Then there’s been the contributions from the usual suspects: Dennis Schroder, Montrezl Harrell and Kyle Kuzma, each of whom took on additional minutes and roles and responsibilities. Center Andre Drummond, the newcomer, has struggled somewhat — which is understandable given the unfamiliar teammates and environment. But the Lakers are more interested in how he meshes with Davis, who is recovering from a calf strain and hates playing center.

The Lakers also had some good fortune along the way. Their schedule wasn’t terribly difficult and in their games against top opponents during this stretch, some of those teams were also missing their stars. In their biggest win of the season, the Lakers beat the Brooklyn Nets without James Harden and with Kevin Durant and Kyrie Irving on limited minutes. They also beat Utah in overtime as it rested the injured Donovan Mitchell, Rudy Gobert and Mike Conley. In other games (like vs. the Hornets and Raptors), teams were without key rotational players.

When LeBron suffered a high ankle sprain March 20 against the Atlanta Hawks, that kicked off a four-game losing streak and, quite predictably, a sense of dread gained speed among observers. But that was the low point for the Lakers. They haven’t lost consecutive games since.

There’s no set timetable for LeBron’s return, although from a timing standpoint, nothing would be better than when the Lakers launch their toughest stretch of the season (May 3-9). That’s when they’ll see the Denver Nuggets, LA Clippers, Portland Trail Blazers and Phoenix Suns. If LeBron is back for any or all those games, and the Lakers roll, it would send a chilling message to those contenders as the playoffs near (they start May 22).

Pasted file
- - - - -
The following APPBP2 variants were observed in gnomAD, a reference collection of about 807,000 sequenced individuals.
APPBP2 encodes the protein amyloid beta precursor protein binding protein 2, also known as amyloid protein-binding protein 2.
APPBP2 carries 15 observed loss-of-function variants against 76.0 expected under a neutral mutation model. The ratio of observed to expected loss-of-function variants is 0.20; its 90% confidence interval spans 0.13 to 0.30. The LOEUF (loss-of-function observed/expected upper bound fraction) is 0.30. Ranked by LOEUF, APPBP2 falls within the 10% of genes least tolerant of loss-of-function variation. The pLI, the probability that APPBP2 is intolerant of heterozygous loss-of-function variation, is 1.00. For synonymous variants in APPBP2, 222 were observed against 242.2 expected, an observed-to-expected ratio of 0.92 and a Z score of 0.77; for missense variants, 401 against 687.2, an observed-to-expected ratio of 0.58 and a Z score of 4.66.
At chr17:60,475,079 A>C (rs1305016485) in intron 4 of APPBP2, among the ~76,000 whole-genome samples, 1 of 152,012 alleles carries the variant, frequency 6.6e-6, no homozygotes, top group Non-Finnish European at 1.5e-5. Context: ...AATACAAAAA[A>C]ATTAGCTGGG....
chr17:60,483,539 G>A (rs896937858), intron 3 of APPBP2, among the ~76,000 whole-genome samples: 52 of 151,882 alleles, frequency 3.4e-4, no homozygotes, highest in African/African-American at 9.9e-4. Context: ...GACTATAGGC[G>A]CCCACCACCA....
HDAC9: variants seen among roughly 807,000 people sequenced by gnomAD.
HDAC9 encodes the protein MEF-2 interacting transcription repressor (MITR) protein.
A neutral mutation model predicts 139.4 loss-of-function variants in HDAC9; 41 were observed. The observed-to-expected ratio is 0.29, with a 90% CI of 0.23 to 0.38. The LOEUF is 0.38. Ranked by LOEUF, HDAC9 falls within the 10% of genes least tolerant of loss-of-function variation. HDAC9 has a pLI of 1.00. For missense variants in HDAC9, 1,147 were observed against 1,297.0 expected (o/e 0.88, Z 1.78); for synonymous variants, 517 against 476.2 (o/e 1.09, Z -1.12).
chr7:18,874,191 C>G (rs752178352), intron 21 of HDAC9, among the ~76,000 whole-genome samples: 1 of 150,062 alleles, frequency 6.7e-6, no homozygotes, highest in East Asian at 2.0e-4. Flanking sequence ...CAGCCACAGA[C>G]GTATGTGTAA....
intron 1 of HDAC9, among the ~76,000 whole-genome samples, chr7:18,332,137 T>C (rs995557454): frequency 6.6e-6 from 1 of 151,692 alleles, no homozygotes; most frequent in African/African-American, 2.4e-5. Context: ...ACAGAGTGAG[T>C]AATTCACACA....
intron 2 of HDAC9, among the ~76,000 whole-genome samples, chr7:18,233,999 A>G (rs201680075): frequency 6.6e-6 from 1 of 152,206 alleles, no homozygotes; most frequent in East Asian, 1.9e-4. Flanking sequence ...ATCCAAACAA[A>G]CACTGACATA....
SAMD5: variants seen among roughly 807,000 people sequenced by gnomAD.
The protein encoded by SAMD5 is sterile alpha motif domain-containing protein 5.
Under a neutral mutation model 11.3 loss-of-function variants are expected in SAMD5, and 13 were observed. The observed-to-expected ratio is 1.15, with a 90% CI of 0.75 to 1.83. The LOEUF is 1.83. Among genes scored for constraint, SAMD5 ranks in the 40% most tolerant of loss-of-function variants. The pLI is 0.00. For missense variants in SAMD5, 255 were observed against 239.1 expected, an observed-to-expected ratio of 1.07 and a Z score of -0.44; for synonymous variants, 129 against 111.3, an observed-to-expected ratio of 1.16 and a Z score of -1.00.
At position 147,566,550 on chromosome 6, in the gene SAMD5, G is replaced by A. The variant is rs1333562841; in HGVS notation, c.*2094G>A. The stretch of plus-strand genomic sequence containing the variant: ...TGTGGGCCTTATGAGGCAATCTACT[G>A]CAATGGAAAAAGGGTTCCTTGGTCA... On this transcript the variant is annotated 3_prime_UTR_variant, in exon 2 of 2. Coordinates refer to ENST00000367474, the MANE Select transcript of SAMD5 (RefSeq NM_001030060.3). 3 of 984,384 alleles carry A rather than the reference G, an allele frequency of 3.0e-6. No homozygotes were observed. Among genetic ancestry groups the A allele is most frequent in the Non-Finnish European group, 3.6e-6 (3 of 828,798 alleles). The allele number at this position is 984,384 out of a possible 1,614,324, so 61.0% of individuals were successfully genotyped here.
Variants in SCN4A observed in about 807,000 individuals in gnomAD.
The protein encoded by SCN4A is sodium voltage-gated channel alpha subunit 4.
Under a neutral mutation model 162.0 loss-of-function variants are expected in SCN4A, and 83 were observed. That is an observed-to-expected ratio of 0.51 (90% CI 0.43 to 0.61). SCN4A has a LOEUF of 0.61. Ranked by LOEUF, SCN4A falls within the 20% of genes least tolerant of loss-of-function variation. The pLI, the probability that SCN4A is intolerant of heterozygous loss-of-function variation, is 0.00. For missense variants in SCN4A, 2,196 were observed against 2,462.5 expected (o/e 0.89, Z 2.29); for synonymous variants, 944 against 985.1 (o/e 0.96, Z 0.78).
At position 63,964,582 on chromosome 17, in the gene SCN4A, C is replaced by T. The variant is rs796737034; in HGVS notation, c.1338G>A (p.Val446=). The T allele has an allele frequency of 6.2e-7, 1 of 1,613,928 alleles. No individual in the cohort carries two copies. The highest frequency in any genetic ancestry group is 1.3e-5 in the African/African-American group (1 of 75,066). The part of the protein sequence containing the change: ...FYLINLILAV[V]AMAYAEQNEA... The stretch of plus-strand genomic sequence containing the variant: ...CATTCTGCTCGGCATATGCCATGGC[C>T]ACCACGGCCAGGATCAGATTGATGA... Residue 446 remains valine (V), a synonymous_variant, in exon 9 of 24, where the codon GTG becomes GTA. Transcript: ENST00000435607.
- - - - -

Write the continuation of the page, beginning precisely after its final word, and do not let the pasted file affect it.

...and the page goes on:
With only 14 regular season games remaining, the Lakers can realistically go no higher than third in the West … and that’s if the red-hot Clippers collapse. Most likely, the Lakers are staring at the No. 4 or 5 spot and a first-round matchup with the Nuggets. That would be a rematch of the 2020 West finals, although the Nuggets are without Jamal Murray, who’s done for the season following knee surgery.

The Jazz, Lakers, Suns and Clippers all have the look of a squad that could go on a lengthy playoff run.

Assuming the current positions hold in the standings, the Lakers wouldn’t see the Clippers until the conference finals.

Vogel is strongly hinting that neither Davis or LeBron will get rationed minutes upon returning and may not see a full load until the playoffs.

“The biggest thing is conditioning right now,” Vogel said. “Having not played and not really being able to ramp up (Davis’) physical on-court activity over the last two months, it’s going to take some time before he gets his wind under him and obviously, that’s the biggest thing. Because if his legs aren’t under him, we don’t want him to be at risk for re-aggravation of the injury or another injury. We want to keep a close eye on that.”

That means the Lakers will still lean heavier than normal on the supporting cast.

“Even when Anthony returns, it’ll be in short, limited minutes,” Vogel said. “We’re still in a stretch where we’ve got to compete and win games for the most part without those (two) guys.”

When Davis becomes the first of the two stars to suit up, the Lakers will exhale, if only a bit. And this should happen very shortly.

Like, the next game on the schedule, according to Kuzma.

“His ass better play,” Kuzma said. “He’s been out (how many) months?”

* * *

Shaun Powell has covered the NBA for more than 25 years. You can e-mail him here, find his archive here and follow him on Twitter.